Our recommended reads of the year 2018
In case you’re stuck for some last minute ideas for reading matter this holiday (once you’ve finished the latest GCHQ puzzle book of course) we’ve had a recommendation whip round at Green Alliance to help you. Here is a selection of the books our staff have enjoyed reading this year, with at least a hint of environmental relevance:
James Elliott, policy adviser
My unusual suspect is the Mortal Engines quartet by Phillip Reeve which has just been made into a film. Although marketed at teenagers it was not initially intended only for that audience. While not about the environment, the world Reeve creates in these books is full of metaphors that relate to the environmental tensions we face. The stories take place in a distant future, long after the world as we know it has been destroyed by the ‘sixty minute war’. It raises really interesting questions about what we value and need and the kind of world we want to live in, and about what sacrifices and compromises we are prepared to make to protect the environment. These books don’t have the answers, but reading them is a very enjoyable way to ponder the questions.
Belinda Gordon, strategy director
I’m currently reading The Overstory by Richard Powers: fiction with trees as the key characters in the stories. It’s beautiful and gripping.
The Fight for Beauty by Fiona Reynolds [unashamed plug for our chair!] is an engaging history of the conservation movement, as well as an inspiring read that re-ignited my passion for the countryside. It was so good I bought it for a friend who is new to the sector.
Melissa Petersen, policy assistant
The Home Place: Memoirs of a Colored Man’s Love Affair with Nature by J Drew Lanham is an authentic and touching memoir of an African American naturalist from the south, a voice that is, in many ways, unaccounted for in the environmental sector. Being of African American descent, the memoir connected with me personally and propelled me to explore how minorities connect with nature today. As the world combats climate change and makes amends with the natural environment, the author presents a unique lens with hopes that “…others who look like me, who grew up like me or maybe didn’t grow up like me have an opportunity to understand that land matters, that nature matters.”
Dustin Benton, policy director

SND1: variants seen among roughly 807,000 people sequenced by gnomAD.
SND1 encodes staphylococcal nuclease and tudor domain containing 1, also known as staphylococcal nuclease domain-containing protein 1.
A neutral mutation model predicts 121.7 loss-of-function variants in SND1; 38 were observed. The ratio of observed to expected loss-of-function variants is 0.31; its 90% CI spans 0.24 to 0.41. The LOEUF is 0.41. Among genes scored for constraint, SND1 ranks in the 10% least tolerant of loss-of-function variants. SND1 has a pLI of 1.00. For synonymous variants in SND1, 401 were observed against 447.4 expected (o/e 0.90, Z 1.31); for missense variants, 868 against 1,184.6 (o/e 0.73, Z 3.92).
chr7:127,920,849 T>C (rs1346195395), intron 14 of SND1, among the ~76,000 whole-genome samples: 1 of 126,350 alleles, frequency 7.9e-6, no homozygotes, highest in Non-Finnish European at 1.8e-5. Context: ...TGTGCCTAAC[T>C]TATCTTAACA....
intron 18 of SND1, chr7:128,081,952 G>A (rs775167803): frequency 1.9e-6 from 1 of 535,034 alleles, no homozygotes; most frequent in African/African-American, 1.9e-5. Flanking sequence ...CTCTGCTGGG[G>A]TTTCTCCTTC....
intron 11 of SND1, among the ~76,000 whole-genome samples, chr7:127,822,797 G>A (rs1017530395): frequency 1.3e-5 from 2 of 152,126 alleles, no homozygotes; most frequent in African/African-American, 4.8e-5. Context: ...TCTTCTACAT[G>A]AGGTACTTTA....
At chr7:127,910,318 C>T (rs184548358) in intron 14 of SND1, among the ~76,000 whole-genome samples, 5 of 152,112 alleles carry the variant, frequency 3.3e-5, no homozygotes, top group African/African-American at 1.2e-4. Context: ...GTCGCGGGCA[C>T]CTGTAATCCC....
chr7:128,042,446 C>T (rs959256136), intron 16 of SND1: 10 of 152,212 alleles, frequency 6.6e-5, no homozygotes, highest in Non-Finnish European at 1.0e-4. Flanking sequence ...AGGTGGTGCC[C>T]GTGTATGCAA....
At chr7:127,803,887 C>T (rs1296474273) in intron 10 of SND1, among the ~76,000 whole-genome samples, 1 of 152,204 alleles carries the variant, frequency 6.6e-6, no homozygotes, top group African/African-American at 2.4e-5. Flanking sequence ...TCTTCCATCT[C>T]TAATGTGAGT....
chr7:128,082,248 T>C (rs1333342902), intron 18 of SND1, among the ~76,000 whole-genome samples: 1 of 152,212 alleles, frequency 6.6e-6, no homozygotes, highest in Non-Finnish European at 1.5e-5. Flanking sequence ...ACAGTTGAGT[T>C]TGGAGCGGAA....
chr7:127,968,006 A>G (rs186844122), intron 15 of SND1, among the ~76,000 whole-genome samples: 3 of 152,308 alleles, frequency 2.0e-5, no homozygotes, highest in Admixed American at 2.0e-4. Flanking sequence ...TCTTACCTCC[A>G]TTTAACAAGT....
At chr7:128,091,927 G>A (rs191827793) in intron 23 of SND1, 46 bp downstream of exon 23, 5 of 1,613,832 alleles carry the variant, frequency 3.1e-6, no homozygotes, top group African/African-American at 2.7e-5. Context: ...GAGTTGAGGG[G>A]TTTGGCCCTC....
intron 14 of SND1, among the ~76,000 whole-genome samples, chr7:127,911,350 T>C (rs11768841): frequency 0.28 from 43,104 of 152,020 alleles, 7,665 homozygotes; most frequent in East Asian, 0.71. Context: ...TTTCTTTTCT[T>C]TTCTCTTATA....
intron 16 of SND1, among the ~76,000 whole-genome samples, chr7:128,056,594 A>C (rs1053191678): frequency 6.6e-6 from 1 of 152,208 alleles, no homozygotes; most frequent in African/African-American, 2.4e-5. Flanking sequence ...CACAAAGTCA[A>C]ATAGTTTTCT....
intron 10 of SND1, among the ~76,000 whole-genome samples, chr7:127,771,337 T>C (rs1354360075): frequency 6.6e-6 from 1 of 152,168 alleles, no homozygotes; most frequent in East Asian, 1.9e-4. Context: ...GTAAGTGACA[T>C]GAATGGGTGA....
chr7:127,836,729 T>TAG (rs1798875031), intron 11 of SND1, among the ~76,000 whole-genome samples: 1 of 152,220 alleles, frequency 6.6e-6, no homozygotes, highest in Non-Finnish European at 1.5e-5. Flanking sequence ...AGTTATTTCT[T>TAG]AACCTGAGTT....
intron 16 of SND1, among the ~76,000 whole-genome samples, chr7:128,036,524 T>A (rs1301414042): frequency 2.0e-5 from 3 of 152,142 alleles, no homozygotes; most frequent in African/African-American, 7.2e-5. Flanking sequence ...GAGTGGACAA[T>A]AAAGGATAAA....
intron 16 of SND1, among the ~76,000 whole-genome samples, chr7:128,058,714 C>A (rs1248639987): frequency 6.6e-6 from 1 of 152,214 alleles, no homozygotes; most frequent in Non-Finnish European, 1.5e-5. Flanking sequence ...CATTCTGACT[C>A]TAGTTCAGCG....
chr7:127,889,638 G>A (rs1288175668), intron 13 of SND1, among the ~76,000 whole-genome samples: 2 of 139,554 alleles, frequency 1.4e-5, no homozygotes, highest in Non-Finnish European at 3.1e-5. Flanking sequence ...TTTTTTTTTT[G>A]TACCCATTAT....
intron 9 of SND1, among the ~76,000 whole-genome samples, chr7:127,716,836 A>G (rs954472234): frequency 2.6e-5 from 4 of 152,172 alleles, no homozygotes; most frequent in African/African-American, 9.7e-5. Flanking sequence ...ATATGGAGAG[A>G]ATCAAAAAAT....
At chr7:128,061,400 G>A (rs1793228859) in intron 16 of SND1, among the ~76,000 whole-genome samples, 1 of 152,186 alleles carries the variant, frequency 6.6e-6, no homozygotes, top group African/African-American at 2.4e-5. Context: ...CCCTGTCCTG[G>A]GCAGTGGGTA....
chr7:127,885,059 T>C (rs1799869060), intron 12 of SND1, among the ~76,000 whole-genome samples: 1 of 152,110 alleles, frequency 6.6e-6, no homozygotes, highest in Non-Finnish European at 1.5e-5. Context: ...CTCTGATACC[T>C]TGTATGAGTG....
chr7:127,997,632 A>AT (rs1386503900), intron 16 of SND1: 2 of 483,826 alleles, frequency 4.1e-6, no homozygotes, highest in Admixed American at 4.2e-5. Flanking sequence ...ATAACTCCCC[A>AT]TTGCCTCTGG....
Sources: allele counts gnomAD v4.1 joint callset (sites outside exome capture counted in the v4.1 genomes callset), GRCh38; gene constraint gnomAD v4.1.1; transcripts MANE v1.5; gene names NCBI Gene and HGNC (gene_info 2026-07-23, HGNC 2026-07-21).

Flight Behaviour by Barbara Kingsolver is a genuinely engrossing story about climate change, which is a hard task given the frankly depressing subject. I read it a little while ago, but was reminded of it by the recent news that monarch butterflies (the subject of the book) may well go extinct in the west of the US: another sign that climate change is moving from hypothetical to actual. The book is more descriptive than didactic, and is as much about how family and community shape people’s choices as how nature does, which must be the right approach to addressing climate change in an age of political polarisation.
Patrick Killoran, policy assistant
Environmental degradation is often portrayed as the cause of civilizational collapse, perhaps most famously on Easter Island. In The Collapse of Complex Societies, Joseph Tainter puts forward a unifying theory of collapse, drawing on examples from the Western Roman Empire to the Mayans, in which he paints environmental degradation as a symptom of an inability to maintain complexity.
Shaun Spiers, executive director
Nicholas Crane’s You Are Here: a Brief Guide to the world is a succinct and sparkling defence of the study of geography. This he defines as “the science that describes the planet we inhabit”, which covers pretty much everything. There is plenty in the book about climate change, population growth and the loss of nature, and a recognition that resolving the problems we face “will require radically new models of politics and business”. But it is fundamentally optimistic. There is a particularly fascinating section on GIS (Geographical Information Systems), “so vast and versatile that there is scarcely a facet of modern existence that is untouched by it”. The question is, “will GIS merely consolidate existing power relationships? Or can it be harnessed more positively to empower marginalised communities?”
Tony Juniper’s Rainforest is a reminder that you cannot tackle environmental problems without also tackling issues of social and economic justice. It is also an inspiring memoir of 30 years’ campaigning: insider, outsider, investigations and stunts. I particularly liked the story of Friends of the Earth’s ‘ethical shoplifting’, removing mahogany furniture from high street shops and “taking it to the local police station, where we would say we had reason to believe the timber had been illegally extracted from indigenous reserves in the Amazon.”
Finally, [another unashamed plug] my own How to Build Houses and Save the Countryside, published this year, proposes various (sensible and far sighted) measures to address the housing crisis without trashing the environment, but notes that, for as long as Brexit dominates the political agenda, “it will be hard for any government to make housing the priority it needs to be.” The housing crisis looks set to remain something politicians talk about a lot, but do relatively little to address.